Wondering what the HITRUST/AMA workshop partnership means for your business? Here’s a brief primer on the new workshops being rolled out, and what you can do to increase cybersecurity.
Cyber risk is everywhere. While we all know it’s real, it’s hard to conceptualize in real-world terms. Instead, we remember that one time that Target got hacked. Or we imagine some sort of cartoon supervillain with a mask and cape, and a black uniform covered in green 1’s and 0’s.
Okay, so that’s a little extreme. It is true, however, that many people are so overwhelmed by the nebulous idea of cybercrime that they aren’t really sure what to do about it. That’s where we come in, with a stated mission of providing insurance, retirement and investment organizations with cutting-edge, trustworthy and secure software. Here at PC Help Services we take the utmost caution to ensure our clients’ information is safe, and that the vital information they safeguard for others – health and financial documents – is always secure.
Naturally, when we heard that the Health Information Trust Alliance (HITRUST) was partnering with the American Medical Association (AMA) to provide physicians and their staff with information risk management training, we just had to tune in. We’re guessing, if you’re in a profession that exposes you to sensitive client information, you’re pretty curious too.
So just what exactly is going on with this partnership, and what can we learn from it?
The HITRUST/AMA Cyber Risk Management Education Partnership
If you started to get a little drowsy while reading the words “cyber risk management education partnership,” that’s okay. You’re only human, and the fundamentals of managing risk in our increasingly digital world are pretty nebulous.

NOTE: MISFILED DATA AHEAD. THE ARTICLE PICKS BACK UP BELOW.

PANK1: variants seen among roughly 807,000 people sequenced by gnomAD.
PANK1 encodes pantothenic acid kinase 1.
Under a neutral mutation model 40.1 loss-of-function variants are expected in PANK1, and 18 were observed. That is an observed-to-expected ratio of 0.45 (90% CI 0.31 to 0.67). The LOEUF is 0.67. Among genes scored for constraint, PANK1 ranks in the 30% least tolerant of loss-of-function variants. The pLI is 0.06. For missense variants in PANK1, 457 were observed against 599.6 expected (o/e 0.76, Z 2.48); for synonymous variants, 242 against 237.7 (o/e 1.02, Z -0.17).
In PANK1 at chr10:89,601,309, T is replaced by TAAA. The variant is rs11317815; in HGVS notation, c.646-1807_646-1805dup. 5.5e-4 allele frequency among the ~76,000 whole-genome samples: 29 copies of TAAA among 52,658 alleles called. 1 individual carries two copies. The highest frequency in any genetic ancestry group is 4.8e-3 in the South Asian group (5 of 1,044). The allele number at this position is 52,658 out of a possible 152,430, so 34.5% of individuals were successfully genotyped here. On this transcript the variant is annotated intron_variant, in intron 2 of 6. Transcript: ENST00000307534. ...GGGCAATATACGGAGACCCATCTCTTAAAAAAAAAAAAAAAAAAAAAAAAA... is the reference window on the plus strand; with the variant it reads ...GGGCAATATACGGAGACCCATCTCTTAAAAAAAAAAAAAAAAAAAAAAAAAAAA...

HITRUST and the AMA recognize that too few businesses – even larger ones – have adequate cyber protection and risk management plans in place, often because the requirements are unclear and companies have little to no budget dedicated to these endeavors. Even when they do, it’s not always obvious how to proceed with a plan that will address not only short-term risks but longer-term issues as they develop.
In response, the two organizations are teaming up to provide a series of workshops around the country. The first and most important point to understand is that in the last few years, cyber attackers have set their sights increasingly on the healthcare industry. While it might seem counterintuitive to steal healthcare information – is Grandpa Jim’s asthma record really worth hacking into a system for? – there actually exist compelling reasons for hackers to do so.
Much of the data that exists in electronic health records (EHRs) can be monetized, including social security numbers, financial information, and insurance policy data. The results? Identity theft, false insurance claims and in some cases, severe monetary consequences. The motivation to hack investment accounts is even more obvious, with many of the same results. (In a phrase: It’s not good.)
Cleanliness Is Next to … Financial Security?